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7 Eleven Convenience Food Stores

CALIFORNIA | LOCAL
June 25, 1993 | ANTHONY DUIGNAN-CABRERA, TIMES STAFF WRITER
As the eight 7-Eleven stores destroyed in last year's riots reopened Thursday amid much fanfare, Korean-American grocers charged that they have received unfair treatment by the Los Angeles city government in their efforts to reopen.
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BUSINESS
December 25, 1998 | From Reuters
Along with soft drinks, prepaid phone cards, six packs of beer and gasoline, Southland Corp. has recently started aggressively promoting wine in its 7-Eleven convenience stores. The 3,200 7-Eleven units in the United States allowed to carry wines under local liquor ordinances now stock up to 30 different kinds of varietal and premium brands, at prices ranging from $5.99 to $14.99 a bottle, said Dennis Phelps, the retailer's category manager for beer and wine.
CALIFORNIA | LOCAL
November 16, 2000 | ANA BEATRIZ CHOLO, TIMES STAFF WRITER
As children walk to and from Coliseum Elementary School, they must navigate around gangs, drugs and violence on a daily basis. Their neighborhood is well known to every officer in the Los Angeles Police Department's Southwest Division. At least 88 stores in a nine-mile radius already have liquor licenses, police say. The last thing area residents need there, officers said, is a 7-Eleven store selling alcohol across the street from where the children go to class.
BUSINESS
January 22, 1994 | DENISE GELLENE, TIMES STAFF WRITER
The parent of 7-Eleven Stores said Friday that it is terminating franchise agreements with operators of eight San Fernando Valley stores for overcharging victims of Monday's devastating quake. Dallas-based Southland Corp. said employees, which the chain sent out as undercover shoppers, were charged inflated prices for food, water, batteries and cigarettes at the stores.
BUSINESS
February 6, 1990 | STUART SILVERSTEIN, TIMES STAFF WRITER
An arbitrator has found Southland Corp., parent of the 7-Eleven retail chain, guilty of intentional racial discrimination against a black couple who owned two of the company's convenience stores in the Los Angeles area. The arbitrator, however, ruled in the Dallas-based company's favor in a separate racial discrimination case. Jack A.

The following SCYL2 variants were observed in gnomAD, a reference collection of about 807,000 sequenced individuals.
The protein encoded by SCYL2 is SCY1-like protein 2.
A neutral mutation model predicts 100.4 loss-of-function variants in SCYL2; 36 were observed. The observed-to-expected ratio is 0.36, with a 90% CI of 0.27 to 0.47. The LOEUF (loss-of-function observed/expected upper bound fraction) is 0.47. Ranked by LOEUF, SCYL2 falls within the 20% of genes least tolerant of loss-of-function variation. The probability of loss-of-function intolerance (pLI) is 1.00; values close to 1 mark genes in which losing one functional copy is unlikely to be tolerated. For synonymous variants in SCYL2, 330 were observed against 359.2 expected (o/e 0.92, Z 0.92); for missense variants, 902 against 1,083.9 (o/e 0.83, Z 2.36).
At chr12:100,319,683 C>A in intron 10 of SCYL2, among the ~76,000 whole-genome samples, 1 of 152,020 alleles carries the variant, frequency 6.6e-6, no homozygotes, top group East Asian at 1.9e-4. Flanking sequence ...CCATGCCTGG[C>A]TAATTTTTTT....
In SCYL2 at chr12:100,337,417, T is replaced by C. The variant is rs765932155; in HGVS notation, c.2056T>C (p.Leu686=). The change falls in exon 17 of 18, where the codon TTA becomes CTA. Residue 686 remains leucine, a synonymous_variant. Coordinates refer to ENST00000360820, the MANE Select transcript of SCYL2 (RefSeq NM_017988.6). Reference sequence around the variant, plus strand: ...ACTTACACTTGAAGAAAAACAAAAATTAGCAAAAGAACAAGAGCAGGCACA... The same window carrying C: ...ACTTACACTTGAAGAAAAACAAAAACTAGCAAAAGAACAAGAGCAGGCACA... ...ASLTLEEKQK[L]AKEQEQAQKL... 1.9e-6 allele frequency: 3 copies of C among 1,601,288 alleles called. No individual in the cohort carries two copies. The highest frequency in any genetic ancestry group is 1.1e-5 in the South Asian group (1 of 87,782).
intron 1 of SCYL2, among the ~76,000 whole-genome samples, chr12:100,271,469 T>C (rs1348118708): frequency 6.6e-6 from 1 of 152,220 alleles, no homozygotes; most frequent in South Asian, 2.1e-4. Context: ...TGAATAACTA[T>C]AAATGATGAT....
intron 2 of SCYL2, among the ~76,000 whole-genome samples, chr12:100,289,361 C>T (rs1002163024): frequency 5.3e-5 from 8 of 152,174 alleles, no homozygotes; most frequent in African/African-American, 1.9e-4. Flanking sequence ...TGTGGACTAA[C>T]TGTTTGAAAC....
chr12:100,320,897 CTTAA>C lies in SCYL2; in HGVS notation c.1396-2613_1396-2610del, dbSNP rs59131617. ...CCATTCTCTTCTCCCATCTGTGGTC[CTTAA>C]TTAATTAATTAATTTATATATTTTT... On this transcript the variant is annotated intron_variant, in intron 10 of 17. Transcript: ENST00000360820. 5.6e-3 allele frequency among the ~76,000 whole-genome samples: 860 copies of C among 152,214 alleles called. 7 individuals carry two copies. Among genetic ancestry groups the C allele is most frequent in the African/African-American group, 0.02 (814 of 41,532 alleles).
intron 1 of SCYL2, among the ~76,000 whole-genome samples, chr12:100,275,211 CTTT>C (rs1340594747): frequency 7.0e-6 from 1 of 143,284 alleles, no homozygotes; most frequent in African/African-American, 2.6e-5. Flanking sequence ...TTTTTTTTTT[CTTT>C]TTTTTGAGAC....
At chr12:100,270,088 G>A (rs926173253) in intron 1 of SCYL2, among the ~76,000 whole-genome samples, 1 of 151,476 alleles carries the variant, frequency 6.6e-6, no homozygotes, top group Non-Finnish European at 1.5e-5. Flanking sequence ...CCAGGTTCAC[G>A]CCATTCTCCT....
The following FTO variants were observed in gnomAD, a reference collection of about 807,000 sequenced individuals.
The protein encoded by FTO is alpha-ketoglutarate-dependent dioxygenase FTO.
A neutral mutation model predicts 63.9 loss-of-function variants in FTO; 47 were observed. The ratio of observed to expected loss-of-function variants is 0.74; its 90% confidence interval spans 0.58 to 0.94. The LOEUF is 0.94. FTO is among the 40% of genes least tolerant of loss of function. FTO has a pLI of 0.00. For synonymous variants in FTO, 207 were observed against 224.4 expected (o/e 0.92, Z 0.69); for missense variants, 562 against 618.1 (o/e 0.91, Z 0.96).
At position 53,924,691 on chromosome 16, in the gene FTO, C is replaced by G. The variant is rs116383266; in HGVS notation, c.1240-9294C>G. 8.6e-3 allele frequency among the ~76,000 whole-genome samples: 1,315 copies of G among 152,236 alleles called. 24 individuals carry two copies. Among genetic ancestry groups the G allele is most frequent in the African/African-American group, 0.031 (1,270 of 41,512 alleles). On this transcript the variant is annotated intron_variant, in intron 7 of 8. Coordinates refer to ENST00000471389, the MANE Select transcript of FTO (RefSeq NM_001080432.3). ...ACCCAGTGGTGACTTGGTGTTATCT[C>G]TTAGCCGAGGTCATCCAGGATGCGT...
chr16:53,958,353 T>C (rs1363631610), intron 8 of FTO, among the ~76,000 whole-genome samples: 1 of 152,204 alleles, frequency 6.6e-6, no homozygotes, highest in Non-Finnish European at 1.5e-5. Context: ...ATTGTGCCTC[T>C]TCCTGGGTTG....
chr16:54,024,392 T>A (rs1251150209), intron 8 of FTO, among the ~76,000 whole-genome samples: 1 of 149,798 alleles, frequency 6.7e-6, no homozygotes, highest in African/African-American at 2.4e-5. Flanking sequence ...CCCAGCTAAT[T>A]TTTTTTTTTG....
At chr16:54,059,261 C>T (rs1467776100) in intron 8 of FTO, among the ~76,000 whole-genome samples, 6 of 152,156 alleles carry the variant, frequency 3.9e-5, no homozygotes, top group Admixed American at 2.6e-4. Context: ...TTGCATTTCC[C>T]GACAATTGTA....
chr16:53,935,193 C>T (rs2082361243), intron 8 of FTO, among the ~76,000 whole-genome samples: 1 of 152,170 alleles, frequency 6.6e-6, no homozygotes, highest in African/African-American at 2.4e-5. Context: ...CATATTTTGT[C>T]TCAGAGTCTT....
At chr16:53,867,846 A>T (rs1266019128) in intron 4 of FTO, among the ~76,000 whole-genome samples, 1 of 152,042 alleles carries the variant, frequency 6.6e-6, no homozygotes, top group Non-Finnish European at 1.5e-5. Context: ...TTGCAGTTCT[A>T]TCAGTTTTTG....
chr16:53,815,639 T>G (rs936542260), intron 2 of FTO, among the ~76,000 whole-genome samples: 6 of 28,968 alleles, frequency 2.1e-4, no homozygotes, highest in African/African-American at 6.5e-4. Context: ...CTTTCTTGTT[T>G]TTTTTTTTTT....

BUSINESS
March 23, 1990 | STUART SILVERSTEIN, TIMES STAFF WRITER
The financially strapped parent of the 7-Eleven convenience store chain, Southland Corp., announced Thursday that it has agreed to sell 75% of the company to its longtime Japanese partner in a tentative deal roughly valued at more than $750 million. If completed, the acquisition would be the biggest Japanese investment ever in a U.S. retailer.
BUSINESS
April 3, 1990 | From Staff and Wire Reports
Southland Corp., the troubled parent of the 7-Eleven convenience store chain, said Monday that it could be forced to file for bankruptcy this year if it fails to restructure its massive debt. The Dallas-based company also reported a fourth-quarter loss of $1.01 billion after taking a $947-million writeoff that reflected the sale of its 50% interest in Citgo Petroleum Corp. in January.
BUSINESS
May 20, 1990 | STUART SILVERSTEIN, TIMES STAFF WRITER
Ah, the joys of running your own 7-Eleven store. Late-night robberies, even if they strike far less often than years ago, still are a nasty occupational hazard. Finding capable clerks who won't steal merchandise is only a little easier than keeping a Slurpee from dripping on a summer day. As if that isn't worrisome enough, the overall industry is getting pinched by stepped-up competition and hefty debts from corporate buyouts gone awry.
CALIFORNIA | LOCAL
August 25, 1995 | DAVID REYES and THAO HUA, TIMES STAFF WRITERS
Hundreds of mourners paid last respects on Thursday to Nirmal Singh, a 7-Eleven clerk who was gunned down at a La Habra store by two robbers who got away with $40. In their grief, relatives expressed anger at the Southland Corp., the Dallas-based parent company of 7-Eleven stores, and issued a list of demands for increased security, including guards, bulletproof windows and bulletproof vests for store employees. "We also want 7-Eleven stores to close between the hours of midnight to 6 a.m.
CALIFORNIA | LOCAL
December 9, 1991 | RICHARD LEE COLVIN, TIMES STAFF WRITER
The obviously drunk woman staggered into the 7-Eleven store on Sunburst Street in Lake View Terrace, pulled a $5 bill from her coat and wordlessly placed it on the counter. Recognizing a regular customer, the clerk pulled a pint of liquor from below and handed over her change, even though selling alcohol to an intoxicated person is illegal. The incident, observed by police vice officers, was typical of the store's indifferent sales practices, according to residents and customers.
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